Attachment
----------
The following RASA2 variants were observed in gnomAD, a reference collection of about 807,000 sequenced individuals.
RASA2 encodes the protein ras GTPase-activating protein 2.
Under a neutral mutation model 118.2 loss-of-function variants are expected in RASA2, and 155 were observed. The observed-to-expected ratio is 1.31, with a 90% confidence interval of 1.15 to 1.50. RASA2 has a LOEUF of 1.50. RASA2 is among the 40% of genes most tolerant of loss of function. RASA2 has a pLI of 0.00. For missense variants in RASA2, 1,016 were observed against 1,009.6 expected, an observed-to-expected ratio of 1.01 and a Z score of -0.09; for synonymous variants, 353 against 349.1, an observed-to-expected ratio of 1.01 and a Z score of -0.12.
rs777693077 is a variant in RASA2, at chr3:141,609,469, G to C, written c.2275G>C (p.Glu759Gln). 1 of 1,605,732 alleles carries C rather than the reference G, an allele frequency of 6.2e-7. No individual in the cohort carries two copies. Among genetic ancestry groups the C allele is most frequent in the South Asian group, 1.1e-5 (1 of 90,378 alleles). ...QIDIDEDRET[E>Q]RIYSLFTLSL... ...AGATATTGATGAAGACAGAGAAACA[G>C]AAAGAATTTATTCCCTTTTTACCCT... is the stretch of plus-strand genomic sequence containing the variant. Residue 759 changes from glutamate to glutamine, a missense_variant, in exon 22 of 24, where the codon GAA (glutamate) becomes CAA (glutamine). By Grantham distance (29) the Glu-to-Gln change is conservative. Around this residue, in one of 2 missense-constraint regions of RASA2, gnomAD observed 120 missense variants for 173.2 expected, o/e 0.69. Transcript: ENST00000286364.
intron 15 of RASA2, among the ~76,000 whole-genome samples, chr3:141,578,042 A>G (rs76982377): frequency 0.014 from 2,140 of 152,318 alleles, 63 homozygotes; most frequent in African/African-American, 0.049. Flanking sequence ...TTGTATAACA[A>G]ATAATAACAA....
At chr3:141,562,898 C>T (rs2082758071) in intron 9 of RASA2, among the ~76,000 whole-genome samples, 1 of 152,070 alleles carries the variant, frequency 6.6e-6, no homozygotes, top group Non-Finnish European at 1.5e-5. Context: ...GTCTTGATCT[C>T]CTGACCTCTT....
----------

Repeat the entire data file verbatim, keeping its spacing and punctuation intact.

The following RASA2 variants were observed in gnomAD, a reference collection of about 807,000 sequenced individuals.
RASA2 encodes the protein ras GTPase-activating protein 2.
Under a neutral mutation model 118.2 loss-of-function variants are expected in RASA2, and 155 were observed. The observed-to-expected ratio is 1.31, with a 90% confidence interval of 1.15 to 1.50. RASA2 has a LOEUF of 1.50. RASA2 is among the 40% of genes most tolerant of loss of function. RASA2 has a pLI of 0.00. For missense variants in RASA2, 1,016 were observed against 1,009.6 expected, an observed-to-expected ratio of 1.01 and a Z score of -0.09; for synonymous variants, 353 against 349.1, an observed-to-expected ratio of 1.01 and a Z score of -0.12.
rs777693077 is a variant in RASA2, at chr3:141,609,469, G to C, written c.2275G>C (p.Glu759Gln). 1 of 1,605,732 alleles carries C rather than the reference G, an allele frequency of 6.2e-7. No individual in the cohort carries two copies. Among genetic ancestry groups the C allele is most frequent in the South Asian group, 1.1e-5 (1 of 90,378 alleles). ...QIDIDEDRET[E>Q]RIYSLFTLSL... ...AGATATTGATGAAGACAGAGAAACA[G>C]AAAGAATTTATTCCCTTTTTACCCT... is the stretch of plus-strand genomic sequence containing the variant. Residue 759 changes from glutamate to glutamine, a missense_variant, in exon 22 of 24, where the codon GAA (glutamate) becomes CAA (glutamine). By Grantham distance (29) the Glu-to-Gln change is conservative. Around this residue, in one of 2 missense-constraint regions of RASA2, gnomAD observed 120 missense variants for 173.2 expected, o/e 0.69. Transcript: ENST00000286364.
intron 15 of RASA2, among the ~76,000 whole-genome samples, chr3:141,578,042 A>G (rs76982377): frequency 0.014 from 2,140 of 152,318 alleles, 63 homozygotes; most frequent in African/African-American, 0.049. Flanking sequence ...TTGTATAACA[A>G]ATAATAACAA....
At chr3:141,562,898 C>T (rs2082758071) in intron 9 of RASA2, among the ~76,000 whole-genome samples, 1 of 152,070 alleles carries the variant, frequency 6.6e-6, no homozygotes, top group Non-Finnish European at 1.5e-5. Context: ...GTCTTGATCT[C>T]CTGACCTCTT....